The plans of the UK government of increasing the police online surveillance powers under the draft Communications Data Bill (CDB), also known as the Snoopers' Chart, might come into contradiction with the European Commission's position on citizens' rights.
If approved, the Communications Data Bill will place innocent citizens under continuous surveillance having all their communications and online activity monitored, all of the time. The government would store information about who's messaging whom, who's a friend to whom on the Internet or what people are searching for on search engines. Police and HM Revenue and Customs officers would have the power to access this information without a judicial warrant.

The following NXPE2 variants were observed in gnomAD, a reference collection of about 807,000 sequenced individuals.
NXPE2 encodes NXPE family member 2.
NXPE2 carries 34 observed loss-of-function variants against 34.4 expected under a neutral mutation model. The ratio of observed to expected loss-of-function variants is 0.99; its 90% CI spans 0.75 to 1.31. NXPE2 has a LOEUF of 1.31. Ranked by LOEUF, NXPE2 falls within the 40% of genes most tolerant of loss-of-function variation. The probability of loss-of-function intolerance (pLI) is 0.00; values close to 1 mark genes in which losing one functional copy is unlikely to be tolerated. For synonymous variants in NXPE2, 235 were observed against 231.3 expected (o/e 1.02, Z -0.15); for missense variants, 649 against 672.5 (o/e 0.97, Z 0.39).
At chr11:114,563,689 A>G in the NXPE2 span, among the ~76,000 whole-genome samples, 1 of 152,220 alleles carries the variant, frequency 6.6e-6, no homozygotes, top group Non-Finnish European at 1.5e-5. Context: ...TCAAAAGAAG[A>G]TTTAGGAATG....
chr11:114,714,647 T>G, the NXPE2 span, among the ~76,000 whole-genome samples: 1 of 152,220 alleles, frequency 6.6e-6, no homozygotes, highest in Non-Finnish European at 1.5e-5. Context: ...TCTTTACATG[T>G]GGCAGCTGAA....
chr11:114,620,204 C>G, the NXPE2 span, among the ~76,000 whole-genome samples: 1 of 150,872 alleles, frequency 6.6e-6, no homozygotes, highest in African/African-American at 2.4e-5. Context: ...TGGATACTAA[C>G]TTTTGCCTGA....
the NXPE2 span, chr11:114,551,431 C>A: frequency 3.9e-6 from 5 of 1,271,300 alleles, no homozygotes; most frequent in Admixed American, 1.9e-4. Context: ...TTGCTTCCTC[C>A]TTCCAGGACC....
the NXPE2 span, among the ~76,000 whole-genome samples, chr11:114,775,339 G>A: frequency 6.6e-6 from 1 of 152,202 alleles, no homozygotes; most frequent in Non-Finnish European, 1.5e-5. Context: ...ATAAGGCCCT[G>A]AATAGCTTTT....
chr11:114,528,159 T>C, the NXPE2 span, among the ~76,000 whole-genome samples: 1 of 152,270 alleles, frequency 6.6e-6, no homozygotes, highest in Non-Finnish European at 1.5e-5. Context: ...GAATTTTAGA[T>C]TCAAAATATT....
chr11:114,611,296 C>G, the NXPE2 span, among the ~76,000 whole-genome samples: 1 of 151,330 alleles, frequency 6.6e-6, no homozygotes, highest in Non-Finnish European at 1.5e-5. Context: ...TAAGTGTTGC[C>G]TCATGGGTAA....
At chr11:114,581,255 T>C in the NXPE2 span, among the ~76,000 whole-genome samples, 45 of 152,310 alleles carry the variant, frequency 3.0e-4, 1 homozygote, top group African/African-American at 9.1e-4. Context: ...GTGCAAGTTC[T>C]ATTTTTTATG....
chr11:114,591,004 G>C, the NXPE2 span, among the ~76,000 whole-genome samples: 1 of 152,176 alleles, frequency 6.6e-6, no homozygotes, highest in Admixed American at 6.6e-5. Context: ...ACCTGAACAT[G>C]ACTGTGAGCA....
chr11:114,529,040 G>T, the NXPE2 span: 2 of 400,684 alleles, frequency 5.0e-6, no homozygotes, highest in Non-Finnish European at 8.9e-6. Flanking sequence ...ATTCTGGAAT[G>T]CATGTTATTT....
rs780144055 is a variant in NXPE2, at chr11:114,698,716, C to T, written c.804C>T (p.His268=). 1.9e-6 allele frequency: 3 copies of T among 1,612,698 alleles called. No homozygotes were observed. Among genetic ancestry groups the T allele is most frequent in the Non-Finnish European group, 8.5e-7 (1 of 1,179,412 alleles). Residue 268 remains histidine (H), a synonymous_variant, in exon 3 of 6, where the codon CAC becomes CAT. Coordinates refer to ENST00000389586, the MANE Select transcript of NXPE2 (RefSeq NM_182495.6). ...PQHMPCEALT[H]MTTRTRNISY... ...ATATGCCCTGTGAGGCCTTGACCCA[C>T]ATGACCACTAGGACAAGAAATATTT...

According to the information appeared in mass-media, the Home Office had a meeting with the largest electronic communications providers in UK that included discussions on the hardware which companies will have to use to monitor traffic flowing through their systems.
Things get more complicated with the design of the system to identify and store traffic data from the webmail services. Thus, the ISPs might have "to route the data via a government-approved 'black box' which will decrypt the message, separate the content from the 'header data', and pass the latter back to the ISP for storage."
It might be a good time to start using 3rd party smtp services and tools like PGP or GPG.